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Platinum Nanoclusters Out-Perform Single Crystals Print
Wednesday, 27 October 2010 00:00

When it comes to metal catalysts, platinum is the standard. However, at about $2,000 an ounce, the high cost of the raw material presents major challenges for the future wide-scale use of platinum in fuel cells. Berkeley Lab research suggests that one possible way to meet these challenges is to think small. Researchers from Berkeley Lab’s Materials Sciences Division have found that under high pressure—comparable to the pressures at which many industrial technologies operate—platinum surfaces can change their structure dramatically in response to the presence of high-coverage reactants. High-pressure scanning tunneling microscopes (STM) and ambient-pressure x-ray photoelectron spectroscopy (AP-XPS) at ALS Beamlines 9.3.2 and 11.0.2 allowed researchers to study catalysts’ structure and composition under realistic conditions.

Improving Industrial Catalysts

Catalysts—substances that speed up the rates of chemical reactions without themselves being chemically changed—are used to initiate virtually every industrial manufacturing process that involves chemistry. Metal catalysts are the workhorses, and platinum is one of the best. Industrial catalysts typically operate under pressures ranging from millitorr to atmospheres and at temperatures ranging from room to hundreds of degrees Celsius.

Until now researchers have been unable to study catalytic surfaces in detail because reaction conditions in the lab—near-vacuum pressures and near-freezing temperatures to achieve high coverage of adsorbates—do not produce results that reflect real-world conditions. Observing catalytic surfaces under actual reaction conditions has shone light on new possibilities for fuel cells and other products in which catalysts are essential. The techniques developed here could also be applied to discover the most favorable metal catalysts and reactants, as well as optimal reaction conditions for different combinations thereof. If other metal catalysts exhibit this nanoclustering effect, platinum could be replaced with less expensive alternatives, lowering the cost of the final products.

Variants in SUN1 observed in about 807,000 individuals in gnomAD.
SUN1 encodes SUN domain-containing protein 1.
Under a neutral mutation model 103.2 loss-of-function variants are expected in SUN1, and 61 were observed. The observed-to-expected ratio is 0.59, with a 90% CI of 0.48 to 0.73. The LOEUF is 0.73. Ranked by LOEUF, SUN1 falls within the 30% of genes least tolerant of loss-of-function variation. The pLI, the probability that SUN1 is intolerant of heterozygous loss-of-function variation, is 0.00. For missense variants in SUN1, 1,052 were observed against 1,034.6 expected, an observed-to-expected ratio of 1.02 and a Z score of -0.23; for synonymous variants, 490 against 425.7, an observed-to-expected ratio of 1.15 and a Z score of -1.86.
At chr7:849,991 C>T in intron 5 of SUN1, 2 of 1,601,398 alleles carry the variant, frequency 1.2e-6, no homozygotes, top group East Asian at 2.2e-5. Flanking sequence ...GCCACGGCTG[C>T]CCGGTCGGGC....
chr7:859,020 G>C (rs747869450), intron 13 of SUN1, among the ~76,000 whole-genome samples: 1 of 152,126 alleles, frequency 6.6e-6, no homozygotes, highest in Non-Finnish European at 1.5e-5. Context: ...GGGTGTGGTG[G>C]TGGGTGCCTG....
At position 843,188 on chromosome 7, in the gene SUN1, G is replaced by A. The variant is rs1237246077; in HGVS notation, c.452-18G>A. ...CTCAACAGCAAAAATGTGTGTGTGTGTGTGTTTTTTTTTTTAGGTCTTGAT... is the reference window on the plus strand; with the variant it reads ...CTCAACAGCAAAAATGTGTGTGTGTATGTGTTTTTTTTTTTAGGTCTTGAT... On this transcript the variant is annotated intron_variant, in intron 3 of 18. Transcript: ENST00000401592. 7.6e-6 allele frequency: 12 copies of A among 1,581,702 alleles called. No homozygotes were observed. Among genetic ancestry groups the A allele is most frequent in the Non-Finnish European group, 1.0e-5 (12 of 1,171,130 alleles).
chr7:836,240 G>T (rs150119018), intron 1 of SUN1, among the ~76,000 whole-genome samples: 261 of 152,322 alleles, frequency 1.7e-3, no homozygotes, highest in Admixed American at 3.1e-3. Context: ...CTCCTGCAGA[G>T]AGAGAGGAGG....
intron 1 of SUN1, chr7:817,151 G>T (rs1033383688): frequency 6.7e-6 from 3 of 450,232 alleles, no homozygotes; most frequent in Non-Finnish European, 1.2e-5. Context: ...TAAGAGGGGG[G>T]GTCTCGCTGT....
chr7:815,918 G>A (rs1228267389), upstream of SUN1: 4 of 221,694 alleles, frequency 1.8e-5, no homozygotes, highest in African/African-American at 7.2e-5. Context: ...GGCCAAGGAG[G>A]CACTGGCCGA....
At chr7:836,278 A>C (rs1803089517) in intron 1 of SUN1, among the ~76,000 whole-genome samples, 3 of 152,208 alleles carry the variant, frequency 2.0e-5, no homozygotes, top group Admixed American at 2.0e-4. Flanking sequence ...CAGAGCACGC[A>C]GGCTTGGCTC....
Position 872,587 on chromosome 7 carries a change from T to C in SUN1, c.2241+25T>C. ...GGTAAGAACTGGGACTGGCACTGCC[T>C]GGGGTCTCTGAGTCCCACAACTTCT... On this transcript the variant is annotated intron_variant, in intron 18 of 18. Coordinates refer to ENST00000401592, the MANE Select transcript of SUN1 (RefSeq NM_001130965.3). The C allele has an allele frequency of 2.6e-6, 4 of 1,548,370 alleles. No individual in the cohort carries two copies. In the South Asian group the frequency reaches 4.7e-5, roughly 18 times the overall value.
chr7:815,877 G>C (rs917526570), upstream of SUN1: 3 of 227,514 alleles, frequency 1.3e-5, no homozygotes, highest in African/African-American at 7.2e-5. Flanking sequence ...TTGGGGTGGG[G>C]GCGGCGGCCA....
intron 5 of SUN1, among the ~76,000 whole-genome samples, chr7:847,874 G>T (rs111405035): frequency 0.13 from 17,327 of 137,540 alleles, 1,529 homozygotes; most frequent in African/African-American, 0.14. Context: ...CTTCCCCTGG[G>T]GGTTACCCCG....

Researchers have discovered that the presence of high densities of carbon monoxide (CO) molecules can reversibly alter the catalytic surfaces of platinum single crystals, which are thermodynamically stable under vacuum or low-coverage conditions. On the other hand, platinum nanoclusters become more stabilized as carbon monoxide molecules are adsorbed at high densities because they provide a relief to the strong lateral repulsion experienced in flat areas of the metal surface.

In this study, single-crystal platinum surfaces were examined under high pressure using STM. They were structured as a series of flat terraces about six atoms wide separated by atomic steps. Atomic steps and kinks are common features in metal catalysts and are considered to be the active sites where catalytic reactions occur. For that reason, stepped single-crystal surfaces are widely used as models of real catalysts.